The issue of drugs is incredibly complex and sadly widespread across this nation. We must take note of other communities that have effectively employed a proactive and carefully calculated strategy in targeting this issue, and, in doing so, have made a tangible difference in the lives of its citizens. The Angel Program from Gloucester is a fantastic example of this, and I plan on implementing a strategy that is based off its core tenets.
People hit rock bottom at inconvenient times of the day, and night. Who would you want to be there to help you up?In the Massachusetts city of Gloucester they’ve just rolled out a new program. It’s an opportunity for users to get help without the fear of being arrested. Called the Angel Program, it offers people with an opioid-addiction to enter the police department and ask for help.
Users do have to surrender any drugs or paraphernalia they have. They’re then processed into the program, assigned a volunteer who will stay with them, and taken to a medical facility that has signed on as a partner.
It sounds like an amazing program, and it’s something I would love to institute in Duluth. With our growing heroin epidemic, I think it’s time for us to work together:
The police—Here’s our chance to be proactive and serve the community at a whole new level
The medical community—It’s better to help a user to get clean than to try to save someone in the throes of a drug overdose
The legal community—We need legal advocates to help guide us in setting up and administering the program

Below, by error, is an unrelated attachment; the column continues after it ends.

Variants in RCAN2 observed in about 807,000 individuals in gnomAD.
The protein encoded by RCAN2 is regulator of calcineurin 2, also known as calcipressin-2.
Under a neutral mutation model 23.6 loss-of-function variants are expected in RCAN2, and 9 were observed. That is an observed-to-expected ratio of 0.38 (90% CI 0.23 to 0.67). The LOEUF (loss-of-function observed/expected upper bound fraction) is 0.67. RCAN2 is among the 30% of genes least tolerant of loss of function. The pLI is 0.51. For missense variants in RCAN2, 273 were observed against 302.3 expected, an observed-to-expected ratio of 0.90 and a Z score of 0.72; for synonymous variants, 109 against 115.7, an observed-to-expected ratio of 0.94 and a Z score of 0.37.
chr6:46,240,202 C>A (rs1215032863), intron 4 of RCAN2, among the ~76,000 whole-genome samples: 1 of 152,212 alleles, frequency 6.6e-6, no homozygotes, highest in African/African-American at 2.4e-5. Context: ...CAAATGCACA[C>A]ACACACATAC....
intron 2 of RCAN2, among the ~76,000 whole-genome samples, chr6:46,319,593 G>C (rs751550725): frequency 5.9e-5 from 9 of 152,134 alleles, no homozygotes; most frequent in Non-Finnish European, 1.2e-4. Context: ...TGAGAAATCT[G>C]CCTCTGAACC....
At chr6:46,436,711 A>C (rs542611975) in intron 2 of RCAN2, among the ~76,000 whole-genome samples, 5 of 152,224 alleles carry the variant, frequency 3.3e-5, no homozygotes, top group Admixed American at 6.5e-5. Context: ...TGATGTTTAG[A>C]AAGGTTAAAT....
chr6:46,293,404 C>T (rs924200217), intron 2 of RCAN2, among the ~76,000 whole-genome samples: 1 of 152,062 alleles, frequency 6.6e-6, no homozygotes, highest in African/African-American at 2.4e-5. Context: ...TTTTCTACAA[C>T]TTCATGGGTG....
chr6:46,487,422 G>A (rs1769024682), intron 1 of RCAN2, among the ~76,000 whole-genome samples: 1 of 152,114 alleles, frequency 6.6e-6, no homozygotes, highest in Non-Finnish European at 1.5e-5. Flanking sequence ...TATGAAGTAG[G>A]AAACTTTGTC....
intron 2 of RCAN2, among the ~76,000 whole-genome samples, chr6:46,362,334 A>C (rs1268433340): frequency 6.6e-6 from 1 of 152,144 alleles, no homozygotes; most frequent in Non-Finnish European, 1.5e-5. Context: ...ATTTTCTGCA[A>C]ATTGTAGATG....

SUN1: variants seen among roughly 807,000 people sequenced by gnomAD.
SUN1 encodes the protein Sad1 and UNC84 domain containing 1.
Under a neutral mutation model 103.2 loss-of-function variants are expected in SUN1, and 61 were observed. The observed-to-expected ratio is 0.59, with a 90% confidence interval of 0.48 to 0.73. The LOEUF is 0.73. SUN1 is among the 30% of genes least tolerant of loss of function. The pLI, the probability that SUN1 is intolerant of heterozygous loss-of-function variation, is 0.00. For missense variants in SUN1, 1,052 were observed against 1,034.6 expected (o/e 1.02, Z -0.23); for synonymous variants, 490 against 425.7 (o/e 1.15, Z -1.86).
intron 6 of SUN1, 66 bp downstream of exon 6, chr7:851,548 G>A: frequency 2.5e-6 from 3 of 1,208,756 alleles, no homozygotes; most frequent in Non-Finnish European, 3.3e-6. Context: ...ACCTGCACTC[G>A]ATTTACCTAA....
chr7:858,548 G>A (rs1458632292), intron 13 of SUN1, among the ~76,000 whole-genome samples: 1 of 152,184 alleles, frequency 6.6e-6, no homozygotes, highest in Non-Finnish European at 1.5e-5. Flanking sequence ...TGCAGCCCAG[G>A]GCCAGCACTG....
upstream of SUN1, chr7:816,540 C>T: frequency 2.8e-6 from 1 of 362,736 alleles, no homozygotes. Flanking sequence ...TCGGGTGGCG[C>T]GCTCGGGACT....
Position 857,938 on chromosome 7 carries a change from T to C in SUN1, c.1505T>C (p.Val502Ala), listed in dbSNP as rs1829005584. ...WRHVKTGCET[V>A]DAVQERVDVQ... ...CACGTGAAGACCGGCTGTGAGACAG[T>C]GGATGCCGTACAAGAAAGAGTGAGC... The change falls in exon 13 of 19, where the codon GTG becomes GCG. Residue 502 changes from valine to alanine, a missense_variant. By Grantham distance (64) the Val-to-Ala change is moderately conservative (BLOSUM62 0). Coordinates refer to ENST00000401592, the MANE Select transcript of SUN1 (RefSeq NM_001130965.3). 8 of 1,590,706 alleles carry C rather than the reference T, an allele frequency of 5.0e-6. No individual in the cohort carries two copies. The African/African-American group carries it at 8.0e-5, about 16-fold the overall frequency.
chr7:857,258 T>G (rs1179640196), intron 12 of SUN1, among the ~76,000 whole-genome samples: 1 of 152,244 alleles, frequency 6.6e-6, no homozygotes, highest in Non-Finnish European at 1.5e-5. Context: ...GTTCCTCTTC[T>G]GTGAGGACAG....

Our residents—We need to rally together as a community around the people fighting this terrible disease
The Gloucester program has some exceptions, of course. People who seek to enter it cannot have prior outstanding warrants or drug arrests. The officer also must not fear the safety of the volunteer or himself, and users under eighteen must have parental or guardian consent.
And as for the costs, there really aren’t many. If someone turned themselves in when on the verge of an overdose, Narcan would be administered to reverse the process. In the Angel Program, funds seized from drug crimes are used to purchase the Narcan. That seems like poetic justice for the confiscated money.
What is really important is that the person with this terrible disease has taken the first step, and someone who cares will be there to sit with them. This may be their best chance at making a clean break and getting sober.
I believe Duluth can use Gloucester as a guide. I’m inviting anyone in our community to reach out to me, help us implement our own program. We need representatives from the police, medical, and legal communities to join with concerned citizens. This is a chance to really make a difference. And most of all it can help save lives.
And isn’t that what rehabilitation is all about?